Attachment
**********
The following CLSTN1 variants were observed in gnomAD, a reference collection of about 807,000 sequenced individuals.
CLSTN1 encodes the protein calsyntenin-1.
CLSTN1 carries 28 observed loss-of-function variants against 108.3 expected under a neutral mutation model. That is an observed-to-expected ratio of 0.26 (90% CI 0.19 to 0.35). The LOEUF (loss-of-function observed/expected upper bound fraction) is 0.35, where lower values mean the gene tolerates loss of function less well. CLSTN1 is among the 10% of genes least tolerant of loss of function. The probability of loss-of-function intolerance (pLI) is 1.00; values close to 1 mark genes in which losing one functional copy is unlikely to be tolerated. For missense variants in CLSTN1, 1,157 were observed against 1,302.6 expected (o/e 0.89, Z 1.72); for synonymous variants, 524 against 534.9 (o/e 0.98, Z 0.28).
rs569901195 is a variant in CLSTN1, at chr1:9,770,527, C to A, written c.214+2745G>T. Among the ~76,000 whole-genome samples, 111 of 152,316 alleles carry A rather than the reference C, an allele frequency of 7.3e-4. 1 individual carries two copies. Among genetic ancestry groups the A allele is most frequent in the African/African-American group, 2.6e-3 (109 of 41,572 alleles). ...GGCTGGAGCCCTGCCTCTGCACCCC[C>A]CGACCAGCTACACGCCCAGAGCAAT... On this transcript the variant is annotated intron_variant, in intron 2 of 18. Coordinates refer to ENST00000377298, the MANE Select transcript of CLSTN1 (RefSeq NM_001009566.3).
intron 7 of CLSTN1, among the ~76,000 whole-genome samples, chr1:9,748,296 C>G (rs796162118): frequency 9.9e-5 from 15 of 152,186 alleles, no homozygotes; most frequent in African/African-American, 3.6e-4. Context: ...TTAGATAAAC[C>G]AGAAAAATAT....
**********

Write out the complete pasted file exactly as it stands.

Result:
The following CLSTN1 variants were observed in gnomAD, a reference collection of about 807,000 sequenced individuals.
CLSTN1 encodes the protein calsyntenin-1.
CLSTN1 carries 28 observed loss-of-function variants against 108.3 expected under a neutral mutation model. That is an observed-to-expected ratio of 0.26 (90% CI 0.19 to 0.35). The LOEUF (loss-of-function observed/expected upper bound fraction) is 0.35, where lower values mean the gene tolerates loss of function less well. CLSTN1 is among the 10% of genes least tolerant of loss of function. The probability of loss-of-function intolerance (pLI) is 1.00; values close to 1 mark genes in which losing one functional copy is unlikely to be tolerated. For missense variants in CLSTN1, 1,157 were observed against 1,302.6 expected (o/e 0.89, Z 1.72); for synonymous variants, 524 against 534.9 (o/e 0.98, Z 0.28).
rs569901195 is a variant in CLSTN1, at chr1:9,770,527, C to A, written c.214+2745G>T. Among the ~76,000 whole-genome samples, 111 of 152,316 alleles carry A rather than the reference C, an allele frequency of 7.3e-4. 1 individual carries two copies. Among genetic ancestry groups the A allele is most frequent in the African/African-American group, 2.6e-3 (109 of 41,572 alleles). ...GGCTGGAGCCCTGCCTCTGCACCCC[C>A]CGACCAGCTACACGCCCAGAGCAAT... On this transcript the variant is annotated intron_variant, in intron 2 of 18. Coordinates refer to ENST00000377298, the MANE Select transcript of CLSTN1 (RefSeq NM_001009566.3).
intron 7 of CLSTN1, among the ~76,000 whole-genome samples, chr1:9,748,296 C>G (rs796162118): frequency 9.9e-5 from 15 of 152,186 alleles, no homozygotes; most frequent in African/African-American, 3.6e-4. Context: ...TTAGATAAAC[C>G]AGAAAAATAT....